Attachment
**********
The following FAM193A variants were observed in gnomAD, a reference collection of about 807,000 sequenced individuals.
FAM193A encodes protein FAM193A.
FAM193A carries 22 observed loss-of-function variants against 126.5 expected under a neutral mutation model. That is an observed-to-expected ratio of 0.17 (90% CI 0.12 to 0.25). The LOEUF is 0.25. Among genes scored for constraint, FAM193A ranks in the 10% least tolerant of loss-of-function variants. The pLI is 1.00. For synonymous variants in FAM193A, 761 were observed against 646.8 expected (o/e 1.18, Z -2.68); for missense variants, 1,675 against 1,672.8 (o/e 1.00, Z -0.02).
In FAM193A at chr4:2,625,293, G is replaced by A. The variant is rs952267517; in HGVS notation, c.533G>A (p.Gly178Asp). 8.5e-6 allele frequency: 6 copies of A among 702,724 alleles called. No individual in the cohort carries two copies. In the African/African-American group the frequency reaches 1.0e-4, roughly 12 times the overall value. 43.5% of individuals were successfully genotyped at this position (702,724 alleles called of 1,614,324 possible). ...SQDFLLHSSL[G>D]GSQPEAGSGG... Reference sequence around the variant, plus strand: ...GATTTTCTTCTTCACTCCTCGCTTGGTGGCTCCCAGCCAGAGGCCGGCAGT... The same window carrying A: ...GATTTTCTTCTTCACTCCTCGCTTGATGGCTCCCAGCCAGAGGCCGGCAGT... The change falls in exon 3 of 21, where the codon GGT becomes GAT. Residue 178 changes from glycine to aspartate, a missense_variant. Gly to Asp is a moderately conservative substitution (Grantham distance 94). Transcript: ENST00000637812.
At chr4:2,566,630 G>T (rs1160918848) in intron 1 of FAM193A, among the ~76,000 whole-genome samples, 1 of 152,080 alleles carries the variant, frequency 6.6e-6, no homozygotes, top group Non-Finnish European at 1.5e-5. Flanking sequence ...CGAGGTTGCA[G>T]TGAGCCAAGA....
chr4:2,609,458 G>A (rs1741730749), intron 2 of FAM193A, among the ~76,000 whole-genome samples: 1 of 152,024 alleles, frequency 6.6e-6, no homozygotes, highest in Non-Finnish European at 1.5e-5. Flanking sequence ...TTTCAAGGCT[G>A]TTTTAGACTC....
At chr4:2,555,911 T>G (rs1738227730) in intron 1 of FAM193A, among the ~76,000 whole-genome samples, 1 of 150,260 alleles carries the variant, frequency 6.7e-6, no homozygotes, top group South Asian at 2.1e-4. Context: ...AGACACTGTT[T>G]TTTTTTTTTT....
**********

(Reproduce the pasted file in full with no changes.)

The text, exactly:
The following FAM193A variants were observed in gnomAD, a reference collection of about 807,000 sequenced individuals.
FAM193A encodes protein FAM193A.
FAM193A carries 22 observed loss-of-function variants against 126.5 expected under a neutral mutation model. That is an observed-to-expected ratio of 0.17 (90% CI 0.12 to 0.25). The LOEUF is 0.25. Among genes scored for constraint, FAM193A ranks in the 10% least tolerant of loss-of-function variants. The pLI is 1.00. For synonymous variants in FAM193A, 761 were observed against 646.8 expected (o/e 1.18, Z -2.68); for missense variants, 1,675 against 1,672.8 (o/e 1.00, Z -0.02).
In FAM193A at chr4:2,625,293, G is replaced by A. The variant is rs952267517; in HGVS notation, c.533G>A (p.Gly178Asp). 8.5e-6 allele frequency: 6 copies of A among 702,724 alleles called. No individual in the cohort carries two copies. In the African/African-American group the frequency reaches 1.0e-4, roughly 12 times the overall value. 43.5% of individuals were successfully genotyped at this position (702,724 alleles called of 1,614,324 possible). ...SQDFLLHSSL[G>D]GSQPEAGSGG... Reference sequence around the variant, plus strand: ...GATTTTCTTCTTCACTCCTCGCTTGGTGGCTCCCAGCCAGAGGCCGGCAGT... The same window carrying A: ...GATTTTCTTCTTCACTCCTCGCTTGATGGCTCCCAGCCAGAGGCCGGCAGT... The change falls in exon 3 of 21, where the codon GGT becomes GAT. Residue 178 changes from glycine to aspartate, a missense_variant. Gly to Asp is a moderately conservative substitution (Grantham distance 94). Transcript: ENST00000637812.
At chr4:2,566,630 G>T (rs1160918848) in intron 1 of FAM193A, among the ~76,000 whole-genome samples, 1 of 152,080 alleles carries the variant, frequency 6.6e-6, no homozygotes, top group Non-Finnish European at 1.5e-5. Flanking sequence ...CGAGGTTGCA[G>T]TGAGCCAAGA....
chr4:2,609,458 G>A (rs1741730749), intron 2 of FAM193A, among the ~76,000 whole-genome samples: 1 of 152,024 alleles, frequency 6.6e-6, no homozygotes, highest in Non-Finnish European at 1.5e-5. Flanking sequence ...TTTCAAGGCT[G>A]TTTTAGACTC....
At chr4:2,555,911 T>G (rs1738227730) in intron 1 of FAM193A, among the ~76,000 whole-genome samples, 1 of 150,260 alleles carries the variant, frequency 6.7e-6, no homozygotes, top group South Asian at 2.1e-4. Context: ...AGACACTGTT[T>G]TTTTTTTTTT....